MYSTERY shrouds a Baltic Sea gas pipeline that is believed to have been damaged – either deliberately or accidentally – by a Chinese ship.
Investigators believe the vessel dragged its six-tonne anchor across the vital tube – ripping it open.
It comes amid growing fears of attacks on Western infrastructure in a hybrid war by rogue states.
The Finnish navy have retrieved a lost six-tonne anchor from where the Finland-Estonia pipeline ruptured on October 8.
They also found broad drag marks along the seabed, as well as a narrower path which stretched for dozens of miles, which investigators say were likely caused by the dislodged anchor.
Authorities are looking into whether the mysterious rupture of the 48-mile Balticconnector subsea gas pipeline and damage to two Baltic Sea telecommunications cables could be a case of sabotage.
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The incident cut pipeline gas supplies to Finland and led NATO to step up patrols in the Baltic Sea.
Repair works are expected to continue until at least the end of April.
National Bureau of Investigation chief Robin Lardot told a press conference on Tuesday: "The next questions are about whether it was intentional, negligence, poor seamanship, and that's where we get into whether there could be a motive for what's going on.
"But it's too early to answer that at this stage."
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It follows an ominous warning that Vladimir Putin's shadowy fleet of submarines could cripple the West by cutting vital undersea cables.
Putin is known to have a number of specialist submarines dedicated to the task.
This time last year, it was feared the larger Nord Stream gas pipelines were damaged by explosions in an act of sabotage by Russia.
Authorities in the region have since said the explosions were deliberate but have not identified a suspect.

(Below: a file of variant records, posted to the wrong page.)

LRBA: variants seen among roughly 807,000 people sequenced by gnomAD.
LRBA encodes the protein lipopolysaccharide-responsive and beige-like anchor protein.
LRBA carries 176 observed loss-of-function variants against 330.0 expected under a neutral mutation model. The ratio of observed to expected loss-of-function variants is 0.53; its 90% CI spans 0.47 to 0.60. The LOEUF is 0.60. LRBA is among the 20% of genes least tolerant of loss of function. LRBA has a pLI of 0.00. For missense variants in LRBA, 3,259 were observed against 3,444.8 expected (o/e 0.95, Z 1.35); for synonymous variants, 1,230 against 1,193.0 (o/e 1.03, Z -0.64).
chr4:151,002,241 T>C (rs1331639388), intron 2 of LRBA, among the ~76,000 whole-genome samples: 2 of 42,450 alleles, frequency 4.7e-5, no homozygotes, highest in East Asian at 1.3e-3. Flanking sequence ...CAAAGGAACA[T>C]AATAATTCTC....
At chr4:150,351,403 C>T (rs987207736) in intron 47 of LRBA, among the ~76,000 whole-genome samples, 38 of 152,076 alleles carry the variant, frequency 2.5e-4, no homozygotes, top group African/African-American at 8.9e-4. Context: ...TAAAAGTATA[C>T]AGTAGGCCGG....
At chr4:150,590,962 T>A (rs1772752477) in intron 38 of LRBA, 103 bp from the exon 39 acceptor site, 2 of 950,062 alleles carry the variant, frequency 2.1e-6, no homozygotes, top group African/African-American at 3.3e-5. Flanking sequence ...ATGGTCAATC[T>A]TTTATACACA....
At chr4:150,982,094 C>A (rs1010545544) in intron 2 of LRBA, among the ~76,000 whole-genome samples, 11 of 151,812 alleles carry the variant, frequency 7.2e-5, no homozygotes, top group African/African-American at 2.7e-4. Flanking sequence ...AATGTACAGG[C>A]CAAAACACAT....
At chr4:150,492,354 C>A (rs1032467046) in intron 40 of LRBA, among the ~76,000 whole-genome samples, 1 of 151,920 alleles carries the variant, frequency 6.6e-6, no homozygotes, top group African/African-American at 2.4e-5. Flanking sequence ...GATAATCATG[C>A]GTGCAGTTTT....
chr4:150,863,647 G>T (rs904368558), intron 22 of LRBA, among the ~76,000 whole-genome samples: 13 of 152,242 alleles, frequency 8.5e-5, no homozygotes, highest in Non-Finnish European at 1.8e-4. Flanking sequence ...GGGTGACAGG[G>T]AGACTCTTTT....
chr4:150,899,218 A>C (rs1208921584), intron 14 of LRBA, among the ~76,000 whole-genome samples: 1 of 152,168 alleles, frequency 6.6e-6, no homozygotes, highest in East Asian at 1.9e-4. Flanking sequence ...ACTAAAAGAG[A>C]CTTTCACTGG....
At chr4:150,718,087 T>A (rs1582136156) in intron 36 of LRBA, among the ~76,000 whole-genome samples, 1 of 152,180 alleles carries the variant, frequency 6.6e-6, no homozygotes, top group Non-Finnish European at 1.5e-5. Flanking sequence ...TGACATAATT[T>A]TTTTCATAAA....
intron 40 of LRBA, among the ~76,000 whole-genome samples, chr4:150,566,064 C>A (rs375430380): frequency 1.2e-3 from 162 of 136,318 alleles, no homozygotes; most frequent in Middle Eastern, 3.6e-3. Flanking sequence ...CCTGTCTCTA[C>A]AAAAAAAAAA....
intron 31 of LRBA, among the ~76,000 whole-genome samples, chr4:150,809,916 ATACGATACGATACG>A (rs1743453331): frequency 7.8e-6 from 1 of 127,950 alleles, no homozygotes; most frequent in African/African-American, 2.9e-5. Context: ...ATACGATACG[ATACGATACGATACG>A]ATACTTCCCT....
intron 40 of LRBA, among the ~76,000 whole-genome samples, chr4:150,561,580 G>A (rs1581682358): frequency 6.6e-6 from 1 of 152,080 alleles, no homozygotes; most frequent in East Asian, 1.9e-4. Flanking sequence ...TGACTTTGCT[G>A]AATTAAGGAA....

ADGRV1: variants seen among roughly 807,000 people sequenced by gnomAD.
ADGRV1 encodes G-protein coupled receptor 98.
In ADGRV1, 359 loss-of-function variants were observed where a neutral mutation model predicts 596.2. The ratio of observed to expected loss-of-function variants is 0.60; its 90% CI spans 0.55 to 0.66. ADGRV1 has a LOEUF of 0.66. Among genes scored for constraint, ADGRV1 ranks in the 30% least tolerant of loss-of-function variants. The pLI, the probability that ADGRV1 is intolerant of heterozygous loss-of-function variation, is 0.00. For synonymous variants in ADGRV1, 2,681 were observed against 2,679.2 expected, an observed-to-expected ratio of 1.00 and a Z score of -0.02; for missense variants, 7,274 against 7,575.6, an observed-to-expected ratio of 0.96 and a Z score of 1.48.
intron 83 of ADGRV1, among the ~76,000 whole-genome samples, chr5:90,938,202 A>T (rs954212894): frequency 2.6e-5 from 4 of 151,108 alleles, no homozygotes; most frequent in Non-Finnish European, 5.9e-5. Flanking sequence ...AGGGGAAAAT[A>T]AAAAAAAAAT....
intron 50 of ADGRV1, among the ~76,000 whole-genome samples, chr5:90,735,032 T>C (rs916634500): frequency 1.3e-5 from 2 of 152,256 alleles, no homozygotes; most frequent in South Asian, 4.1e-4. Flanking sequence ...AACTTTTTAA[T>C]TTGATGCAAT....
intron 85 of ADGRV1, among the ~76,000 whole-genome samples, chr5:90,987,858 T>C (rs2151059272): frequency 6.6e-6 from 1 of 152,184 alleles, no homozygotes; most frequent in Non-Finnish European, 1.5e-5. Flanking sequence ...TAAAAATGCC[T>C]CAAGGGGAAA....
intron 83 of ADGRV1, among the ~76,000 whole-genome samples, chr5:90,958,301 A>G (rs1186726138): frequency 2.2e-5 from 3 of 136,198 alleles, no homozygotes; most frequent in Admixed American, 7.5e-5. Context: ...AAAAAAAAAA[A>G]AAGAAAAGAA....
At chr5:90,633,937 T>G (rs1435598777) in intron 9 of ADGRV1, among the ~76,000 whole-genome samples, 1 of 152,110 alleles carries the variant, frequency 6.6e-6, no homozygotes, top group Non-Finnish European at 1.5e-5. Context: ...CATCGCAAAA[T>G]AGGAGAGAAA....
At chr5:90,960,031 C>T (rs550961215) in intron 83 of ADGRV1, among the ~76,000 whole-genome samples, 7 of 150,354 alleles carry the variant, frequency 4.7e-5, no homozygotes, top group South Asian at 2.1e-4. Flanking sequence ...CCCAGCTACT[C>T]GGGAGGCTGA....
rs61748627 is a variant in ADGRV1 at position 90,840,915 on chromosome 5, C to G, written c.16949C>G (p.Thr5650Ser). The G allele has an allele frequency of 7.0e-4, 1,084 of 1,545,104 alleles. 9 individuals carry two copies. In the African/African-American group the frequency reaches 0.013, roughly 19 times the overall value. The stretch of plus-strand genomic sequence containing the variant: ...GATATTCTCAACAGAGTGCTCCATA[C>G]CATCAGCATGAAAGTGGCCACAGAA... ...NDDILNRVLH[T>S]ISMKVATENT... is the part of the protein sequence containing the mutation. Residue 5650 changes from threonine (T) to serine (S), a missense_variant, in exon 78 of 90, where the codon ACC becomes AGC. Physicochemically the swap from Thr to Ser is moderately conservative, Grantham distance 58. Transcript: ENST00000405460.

The National Bureau of Investigation suggested last week that the Hong Kong-flagged cargo vessel Newnew Polar Bear could be responsible for the damage to the Finland-Estonia pipeline.
On Tuesday, after China called for an "objective, fair, and professional" investigation into the damage, Finland said they had established the Newnew Polar Bear was in fact missing one of its front anchors.
The first subsea images of the damage site and the anchor were unveiled at the press conference called over the possible attack.
Investigators said they had tried, unsuccessfully, to establish contact with the ship to determine whether its missing anchor was the same as the one they retrieved.
They are now collaborating with Chinese authorities.
Detective Superintendent Risto Lohi, who is heading Finland's investigation, said there were traces in the recovered anchor which indicated it had been in contact with the gas pipeline, reported Sky News.
The pipeline was found to have suffered mechanical damage within the Finnish economic zone after a significant pressure drop raised the alarm to gas operators that something was awry.
Finnish authorities identified the Newnew Polar Bear as the prime suspect last week as its route and location aligned with the known circumstances of the rupture.
The ship is currently navigating through the waters of northern Russia, according to the Marine Traffic website.
Some have speculated the crash was deliberate.
Biological and chemical warfare defence expert Dr Lawrence Sellin wrote on X/Twitter: "It appears that a Chinese ship deliberately damaged the gas pipeline and communication cable between Finland and Estonia with the anchor and chain method China often uses.
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"Likely done at Russia's request to punish Finland for joining NATO and for Estonia's support of Ukraine."
It comes amid rising tensions between Russia and the West, as governments work to improve security around Europe's energy, information, and transportation networks.
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